Rito della Nivola

From Wikipedia, the free encyclopedia
Jump to: navigation, search
Cathedral of Milan: Carlo Borromeo celebrating the Holy Nail, painting by Gian Battista della Rovere (Fiammenghino)

The Rite of the Nivola (in Italian Rito della Nivola) is a Catholic liturgical rite (part of the Ambrosian Rite)[1] as well as a historical reenactment that is celebrated yearly in the Duomo (Cathedral) of Milan, Italy; the tradition dates back to the 16th century and was initiated by Carlo Borromeo.[2] It is a celebration of the "Santo Chiodo" (Holy Nail), purportedly a nail from the True Cross, which is regarded as the most important relic owned by the Archdiocese of Milan.[3] The relic is also known as the "Santo Morso" (Holy Bridle), as it is in fact shaped in a way that may resemble a part of a bridle.[3] It is preserved in the apse of the Cathedral, in a case inside a tabernacle, about 45 m above the ground.

By chance, the rite is not named after the relic; rather, it owes its name to the Nivola (/'ni-ula/, Lombard for "cloud"), a sort of lift shaped like a cloud, that is used during the rite by the Archbishop to reach the tabernacle of the Holy Nail.[4] This Nivola itself dates back at least to the 16th century, and its design or realization are sometimes credited to Leonardo da Vinci.[5] It is composed of a large basket, 3m long and about as wide, weighing about 800 kgs, and lifted by hoists. The decorations of the lift, comprising drapes and paintings of angels and cherubs, were added over time; the paintings, in particular, were reportedly created in 1612 by the Milanese painter Paolo Camillo Landriani.[6][7] In origin, the Nivola was operated by two dozens of men from the roof of the Duomo; nowadays, it has been mechanized.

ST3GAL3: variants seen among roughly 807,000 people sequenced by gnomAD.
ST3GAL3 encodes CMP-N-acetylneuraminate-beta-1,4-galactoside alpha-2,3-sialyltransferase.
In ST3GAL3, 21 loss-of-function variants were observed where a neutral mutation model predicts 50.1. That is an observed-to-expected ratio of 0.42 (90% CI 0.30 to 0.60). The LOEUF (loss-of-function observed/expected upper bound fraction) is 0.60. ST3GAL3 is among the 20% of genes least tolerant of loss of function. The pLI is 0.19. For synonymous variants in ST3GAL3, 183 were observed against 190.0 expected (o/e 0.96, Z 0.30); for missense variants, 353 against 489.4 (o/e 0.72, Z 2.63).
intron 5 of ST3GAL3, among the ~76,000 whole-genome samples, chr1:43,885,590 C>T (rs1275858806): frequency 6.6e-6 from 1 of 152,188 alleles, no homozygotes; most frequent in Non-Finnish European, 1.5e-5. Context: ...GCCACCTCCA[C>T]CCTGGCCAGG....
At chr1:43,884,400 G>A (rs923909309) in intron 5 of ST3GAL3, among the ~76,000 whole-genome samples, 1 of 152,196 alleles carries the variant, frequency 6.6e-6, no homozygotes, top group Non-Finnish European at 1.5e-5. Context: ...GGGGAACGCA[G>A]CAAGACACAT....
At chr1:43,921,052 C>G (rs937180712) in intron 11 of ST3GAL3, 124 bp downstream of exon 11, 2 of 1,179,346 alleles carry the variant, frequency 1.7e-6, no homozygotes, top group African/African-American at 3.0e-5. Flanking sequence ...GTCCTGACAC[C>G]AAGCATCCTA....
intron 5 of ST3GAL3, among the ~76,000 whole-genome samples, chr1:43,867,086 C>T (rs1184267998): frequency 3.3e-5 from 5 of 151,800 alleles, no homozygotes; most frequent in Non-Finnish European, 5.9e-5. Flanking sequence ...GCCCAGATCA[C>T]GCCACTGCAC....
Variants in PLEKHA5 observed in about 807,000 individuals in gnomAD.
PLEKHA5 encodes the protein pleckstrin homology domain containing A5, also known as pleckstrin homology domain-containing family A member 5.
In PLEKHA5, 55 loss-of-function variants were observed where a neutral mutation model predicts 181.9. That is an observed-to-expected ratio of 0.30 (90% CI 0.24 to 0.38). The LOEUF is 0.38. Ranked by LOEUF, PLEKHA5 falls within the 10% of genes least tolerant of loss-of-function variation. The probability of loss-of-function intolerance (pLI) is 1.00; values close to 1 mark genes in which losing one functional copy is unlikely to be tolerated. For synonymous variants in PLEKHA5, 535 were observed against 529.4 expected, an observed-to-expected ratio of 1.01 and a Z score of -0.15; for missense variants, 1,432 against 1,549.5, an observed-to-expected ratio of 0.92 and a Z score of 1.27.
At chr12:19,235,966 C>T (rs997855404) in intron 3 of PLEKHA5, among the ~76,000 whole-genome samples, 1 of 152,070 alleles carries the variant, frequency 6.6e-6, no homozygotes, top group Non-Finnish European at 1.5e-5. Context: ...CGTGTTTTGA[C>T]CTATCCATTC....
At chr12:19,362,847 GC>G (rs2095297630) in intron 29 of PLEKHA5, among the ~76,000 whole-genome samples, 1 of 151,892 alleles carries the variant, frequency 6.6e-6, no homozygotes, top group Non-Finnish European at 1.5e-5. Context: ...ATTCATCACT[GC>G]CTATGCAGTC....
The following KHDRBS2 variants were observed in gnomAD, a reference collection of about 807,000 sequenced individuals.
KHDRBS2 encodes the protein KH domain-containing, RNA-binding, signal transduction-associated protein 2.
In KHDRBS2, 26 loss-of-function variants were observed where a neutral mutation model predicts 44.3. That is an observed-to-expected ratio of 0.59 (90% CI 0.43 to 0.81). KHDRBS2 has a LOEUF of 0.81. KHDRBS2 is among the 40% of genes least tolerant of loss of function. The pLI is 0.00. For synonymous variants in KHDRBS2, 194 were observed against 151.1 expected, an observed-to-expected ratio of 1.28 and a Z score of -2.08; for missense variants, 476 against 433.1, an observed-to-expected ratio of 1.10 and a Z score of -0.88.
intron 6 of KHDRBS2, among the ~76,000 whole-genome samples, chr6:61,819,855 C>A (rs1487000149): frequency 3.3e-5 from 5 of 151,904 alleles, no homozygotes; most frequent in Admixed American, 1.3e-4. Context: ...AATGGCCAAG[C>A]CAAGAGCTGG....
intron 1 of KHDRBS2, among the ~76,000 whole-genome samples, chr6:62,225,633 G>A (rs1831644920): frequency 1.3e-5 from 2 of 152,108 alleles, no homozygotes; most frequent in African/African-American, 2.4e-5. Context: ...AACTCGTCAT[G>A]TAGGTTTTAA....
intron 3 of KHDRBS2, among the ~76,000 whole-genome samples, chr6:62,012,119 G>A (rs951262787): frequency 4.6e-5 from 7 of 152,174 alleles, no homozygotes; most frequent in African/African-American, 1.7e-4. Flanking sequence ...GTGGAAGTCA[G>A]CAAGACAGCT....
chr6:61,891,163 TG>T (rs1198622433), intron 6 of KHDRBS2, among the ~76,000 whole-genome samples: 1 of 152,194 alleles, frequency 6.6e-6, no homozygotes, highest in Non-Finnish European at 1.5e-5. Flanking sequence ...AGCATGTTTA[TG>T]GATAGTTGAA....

The Rite of the Nivola is traditionally celebrated once a year. The tradition was established by Carlo Borromeo, who chose to celebrate the rite on May 3 (feast of the Invention of the Holy Cross), a date that was kept until the mid 20th century;[1] it was later changed to September 14 after Pope John XXIII abolished the May 3 holiday.[7][8][9]

The rite is open to the public but a reservation is needed, to be acquired from the Veneranda Fabbrica del Duomo offices.[4] There are two days a year when the Nivola can be seen in action; when the Holy Nail is retrieved from its case, on September 14, and when it is put back, about two weeks later.[4]

See also[edit]